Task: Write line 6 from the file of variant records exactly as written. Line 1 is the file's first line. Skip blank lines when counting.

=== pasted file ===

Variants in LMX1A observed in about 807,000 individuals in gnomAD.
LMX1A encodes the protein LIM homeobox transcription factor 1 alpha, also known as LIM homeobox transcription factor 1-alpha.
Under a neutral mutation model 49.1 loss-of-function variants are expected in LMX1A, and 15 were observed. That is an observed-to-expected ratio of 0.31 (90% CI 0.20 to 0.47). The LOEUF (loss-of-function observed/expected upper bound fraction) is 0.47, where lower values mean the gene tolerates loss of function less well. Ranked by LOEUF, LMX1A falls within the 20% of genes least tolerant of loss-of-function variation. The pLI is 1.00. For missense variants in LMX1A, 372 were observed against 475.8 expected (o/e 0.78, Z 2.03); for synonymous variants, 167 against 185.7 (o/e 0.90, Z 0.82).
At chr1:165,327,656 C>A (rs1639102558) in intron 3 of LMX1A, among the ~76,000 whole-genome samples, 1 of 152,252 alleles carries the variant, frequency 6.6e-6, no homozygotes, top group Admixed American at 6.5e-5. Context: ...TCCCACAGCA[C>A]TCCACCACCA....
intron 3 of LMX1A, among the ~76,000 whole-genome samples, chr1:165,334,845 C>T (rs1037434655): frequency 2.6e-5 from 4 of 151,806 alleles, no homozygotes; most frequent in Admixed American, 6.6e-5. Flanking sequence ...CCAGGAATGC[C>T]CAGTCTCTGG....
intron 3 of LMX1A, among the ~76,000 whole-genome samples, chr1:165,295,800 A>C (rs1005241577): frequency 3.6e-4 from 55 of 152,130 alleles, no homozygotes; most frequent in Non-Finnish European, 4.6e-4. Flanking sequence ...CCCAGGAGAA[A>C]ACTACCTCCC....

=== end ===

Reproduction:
intron 3 of LMX1A, among the ~76,000 whole-genome samples, chr1:165,295,800 A>C (rs1005241577): frequency 3.6e-4 from 55 of 152,130 alleles, no homozygotes; most frequent in Non-Finnish European, 4.6e-4. Flanking sequence ...CCCAGGAGAA[A>C]ACTACCTCCC....